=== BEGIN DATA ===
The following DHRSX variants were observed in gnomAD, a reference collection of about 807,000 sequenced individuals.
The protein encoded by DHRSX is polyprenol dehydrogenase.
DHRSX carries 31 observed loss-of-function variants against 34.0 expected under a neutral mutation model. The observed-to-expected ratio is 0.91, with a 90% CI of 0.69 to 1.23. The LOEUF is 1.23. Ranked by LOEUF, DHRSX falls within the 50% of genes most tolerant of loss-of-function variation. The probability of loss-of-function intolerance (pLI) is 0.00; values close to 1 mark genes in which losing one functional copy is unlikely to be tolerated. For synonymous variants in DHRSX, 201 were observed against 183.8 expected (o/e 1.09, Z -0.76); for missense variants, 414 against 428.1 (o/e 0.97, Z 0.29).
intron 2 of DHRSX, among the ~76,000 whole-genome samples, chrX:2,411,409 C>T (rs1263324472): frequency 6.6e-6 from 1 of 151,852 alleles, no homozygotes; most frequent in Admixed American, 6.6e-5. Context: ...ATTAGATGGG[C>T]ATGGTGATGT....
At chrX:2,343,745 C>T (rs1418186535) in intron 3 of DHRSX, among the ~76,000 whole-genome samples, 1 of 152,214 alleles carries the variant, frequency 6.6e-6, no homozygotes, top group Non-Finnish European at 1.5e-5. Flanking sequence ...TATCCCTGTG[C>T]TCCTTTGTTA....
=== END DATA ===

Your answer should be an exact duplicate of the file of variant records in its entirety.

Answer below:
The following DHRSX variants were observed in gnomAD, a reference collection of about 807,000 sequenced individuals.
The protein encoded by DHRSX is polyprenol dehydrogenase.
DHRSX carries 31 observed loss-of-function variants against 34.0 expected under a neutral mutation model. The observed-to-expected ratio is 0.91, with a 90% CI of 0.69 to 1.23. The LOEUF is 1.23. Ranked by LOEUF, DHRSX falls within the 50% of genes most tolerant of loss-of-function variation. The probability of loss-of-function intolerance (pLI) is 0.00; values close to 1 mark genes in which losing one functional copy is unlikely to be tolerated. For synonymous variants in DHRSX, 201 were observed against 183.8 expected (o/e 1.09, Z -0.76); for missense variants, 414 against 428.1 (o/e 0.97, Z 0.29).
intron 2 of DHRSX, among the ~76,000 whole-genome samples, chrX:2,411,409 C>T (rs1263324472): frequency 6.6e-6 from 1 of 151,852 alleles, no homozygotes; most frequent in Admixed American, 6.6e-5. Context: ...ATTAGATGGG[C>T]ATGGTGATGT....
At chrX:2,343,745 C>T (rs1418186535) in intron 3 of DHRSX, among the ~76,000 whole-genome samples, 1 of 152,214 alleles carries the variant, frequency 6.6e-6, no homozygotes, top group Non-Finnish European at 1.5e-5. Flanking sequence ...TATCCCTGTG[C>T]TCCTTTGTTA....